Berlusconi claims his allies are pressing him to seek election again, hoping that Monti's painful austerity measures will win votes for the center-right.
Still polls say Berlusconi's party would drop to less than 15 percent of the next vote.
"He can't see himself leaving the stage," said Giovanni Orsina, a political science professor at Rome's LUISS university and author of "The Right After Berlusconi."
"He actually believes he is the best, that he can't be substituted," said Orsina.
But Orsina and others say Berlusconi's legal woes also play a role.
The government has drafted legislation making candidates who have been convicted of crimes ineligible to run for office.
Berlusconi is now appealing an October conviction for tax fraud for which he received a sentence of four years in prison. He is also standing trial on charges of having sex with an underage woman and using his office to cover it up with a verdict expected early next year. He has denied the charges.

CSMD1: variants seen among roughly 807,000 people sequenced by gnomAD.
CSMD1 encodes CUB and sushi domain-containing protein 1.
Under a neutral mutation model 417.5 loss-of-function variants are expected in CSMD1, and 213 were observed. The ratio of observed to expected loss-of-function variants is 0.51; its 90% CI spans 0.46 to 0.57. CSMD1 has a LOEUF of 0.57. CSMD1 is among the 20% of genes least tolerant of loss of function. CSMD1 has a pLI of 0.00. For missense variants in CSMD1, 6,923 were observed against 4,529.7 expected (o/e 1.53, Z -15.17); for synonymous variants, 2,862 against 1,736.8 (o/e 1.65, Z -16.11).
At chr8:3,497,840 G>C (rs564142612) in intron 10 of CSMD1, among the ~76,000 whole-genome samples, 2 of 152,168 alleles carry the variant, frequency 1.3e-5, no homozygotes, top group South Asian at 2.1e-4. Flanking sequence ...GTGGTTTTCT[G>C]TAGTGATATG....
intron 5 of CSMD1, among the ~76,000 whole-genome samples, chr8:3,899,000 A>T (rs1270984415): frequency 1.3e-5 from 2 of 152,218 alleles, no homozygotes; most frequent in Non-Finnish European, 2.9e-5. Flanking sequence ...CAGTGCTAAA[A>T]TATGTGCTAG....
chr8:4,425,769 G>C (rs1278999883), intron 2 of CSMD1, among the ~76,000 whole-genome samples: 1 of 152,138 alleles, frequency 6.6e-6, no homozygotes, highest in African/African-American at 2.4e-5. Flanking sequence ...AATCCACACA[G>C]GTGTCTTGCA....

Alfano insists the media mogul's party had no intention of sparking a crisis that could bring down the government.
"We didn't vote 'no' on the confidence votes," Alfano said Friday, explaining the party's abstention. He had earlier described the abstentions as a "clear signal" that Berlusconi's center-right forces "don't like the way the economy is going."
What he didn't acknowledge was that for the first time Berlusconi suffered several defections from faithful allies, including former Foreign Minister Franco Frattini.
The Monti government has several major legislative targets before his term ends, including passage of the budget, a law requiring a balanced budget and the abolition of a number of provinces to cut costs.
Monti's own political future is uncertain. He has sent out signals he would be available for another stint in the event no coalition succeeds in putting together a majority. He has also been mentioned as a possible successor to Napolitano, although the position of president is largely ceremonial.